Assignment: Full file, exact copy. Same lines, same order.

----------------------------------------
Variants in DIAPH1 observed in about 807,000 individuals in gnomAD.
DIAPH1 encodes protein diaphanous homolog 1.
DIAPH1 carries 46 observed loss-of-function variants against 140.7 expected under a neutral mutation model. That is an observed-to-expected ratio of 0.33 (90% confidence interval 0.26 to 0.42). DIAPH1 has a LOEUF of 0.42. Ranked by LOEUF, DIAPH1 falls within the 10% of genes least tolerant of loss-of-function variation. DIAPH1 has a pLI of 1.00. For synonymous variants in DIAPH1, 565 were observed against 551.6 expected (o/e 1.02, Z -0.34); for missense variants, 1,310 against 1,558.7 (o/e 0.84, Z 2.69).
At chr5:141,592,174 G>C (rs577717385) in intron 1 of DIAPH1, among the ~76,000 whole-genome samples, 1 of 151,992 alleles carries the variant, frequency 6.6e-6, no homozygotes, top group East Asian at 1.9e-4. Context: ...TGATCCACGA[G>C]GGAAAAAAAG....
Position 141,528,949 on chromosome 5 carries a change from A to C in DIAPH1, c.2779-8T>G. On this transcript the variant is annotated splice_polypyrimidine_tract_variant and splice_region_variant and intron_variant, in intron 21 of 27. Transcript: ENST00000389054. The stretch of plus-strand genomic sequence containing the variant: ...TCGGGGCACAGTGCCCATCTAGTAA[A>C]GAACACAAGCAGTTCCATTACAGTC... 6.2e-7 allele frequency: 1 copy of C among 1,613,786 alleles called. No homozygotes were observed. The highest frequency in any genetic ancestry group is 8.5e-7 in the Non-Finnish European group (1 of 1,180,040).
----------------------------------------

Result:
Variants in DIAPH1 observed in about 807,000 individuals in gnomAD.
DIAPH1 encodes protein diaphanous homolog 1.
DIAPH1 carries 46 observed loss-of-function variants against 140.7 expected under a neutral mutation model. That is an observed-to-expected ratio of 0.33 (90% confidence interval 0.26 to 0.42). DIAPH1 has a LOEUF of 0.42. Ranked by LOEUF, DIAPH1 falls within the 10% of genes least tolerant of loss-of-function variation. DIAPH1 has a pLI of 1.00. For synonymous variants in DIAPH1, 565 were observed against 551.6 expected (o/e 1.02, Z -0.34); for missense variants, 1,310 against 1,558.7 (o/e 0.84, Z 2.69).
At chr5:141,592,174 G>C (rs577717385) in intron 1 of DIAPH1, among the ~76,000 whole-genome samples, 1 of 151,992 alleles carries the variant, frequency 6.6e-6, no homozygotes, top group East Asian at 1.9e-4. Context: ...TGATCCACGA[G>C]GGAAAAAAAG....
Position 141,528,949 on chromosome 5 carries a change from A to C in DIAPH1, c.2779-8T>G. On this transcript the variant is annotated splice_polypyrimidine_tract_variant and splice_region_variant and intron_variant, in intron 21 of 27. Transcript: ENST00000389054. The stretch of plus-strand genomic sequence containing the variant: ...TCGGGGCACAGTGCCCATCTAGTAA[A>C]GAACACAAGCAGTTCCATTACAGTC... 6.2e-7 allele frequency: 1 copy of C among 1,613,786 alleles called. No homozygotes were observed. The highest frequency in any genetic ancestry group is 8.5e-7 in the Non-Finnish European group (1 of 1,180,040).